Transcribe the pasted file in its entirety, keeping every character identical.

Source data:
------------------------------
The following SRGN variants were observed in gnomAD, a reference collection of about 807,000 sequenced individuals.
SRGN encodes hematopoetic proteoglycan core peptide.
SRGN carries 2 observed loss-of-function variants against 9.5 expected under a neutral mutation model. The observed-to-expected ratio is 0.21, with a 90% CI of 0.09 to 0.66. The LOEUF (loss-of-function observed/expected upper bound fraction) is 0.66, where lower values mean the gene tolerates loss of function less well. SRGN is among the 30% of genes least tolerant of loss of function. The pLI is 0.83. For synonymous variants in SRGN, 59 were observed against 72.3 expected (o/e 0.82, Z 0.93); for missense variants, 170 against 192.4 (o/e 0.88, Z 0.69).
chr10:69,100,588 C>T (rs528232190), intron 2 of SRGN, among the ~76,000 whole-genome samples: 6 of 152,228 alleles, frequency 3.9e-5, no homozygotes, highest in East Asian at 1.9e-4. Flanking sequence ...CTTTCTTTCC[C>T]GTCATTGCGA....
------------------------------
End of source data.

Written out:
The following SRGN variants were observed in gnomAD, a reference collection of about 807,000 sequenced individuals.
SRGN encodes hematopoetic proteoglycan core peptide.
SRGN carries 2 observed loss-of-function variants against 9.5 expected under a neutral mutation model. The observed-to-expected ratio is 0.21, with a 90% CI of 0.09 to 0.66. The LOEUF (loss-of-function observed/expected upper bound fraction) is 0.66, where lower values mean the gene tolerates loss of function less well. SRGN is among the 30% of genes least tolerant of loss of function. The pLI is 0.83. For synonymous variants in SRGN, 59 were observed against 72.3 expected (o/e 0.82, Z 0.93); for missense variants, 170 against 192.4 (o/e 0.88, Z 0.69).
chr10:69,100,588 C>T (rs528232190), intron 2 of SRGN, among the ~76,000 whole-genome samples: 6 of 152,228 alleles, frequency 3.9e-5, no homozygotes, highest in East Asian at 1.9e-4. Flanking sequence ...CTTTCTTTCC[C>T]GTCATTGCGA....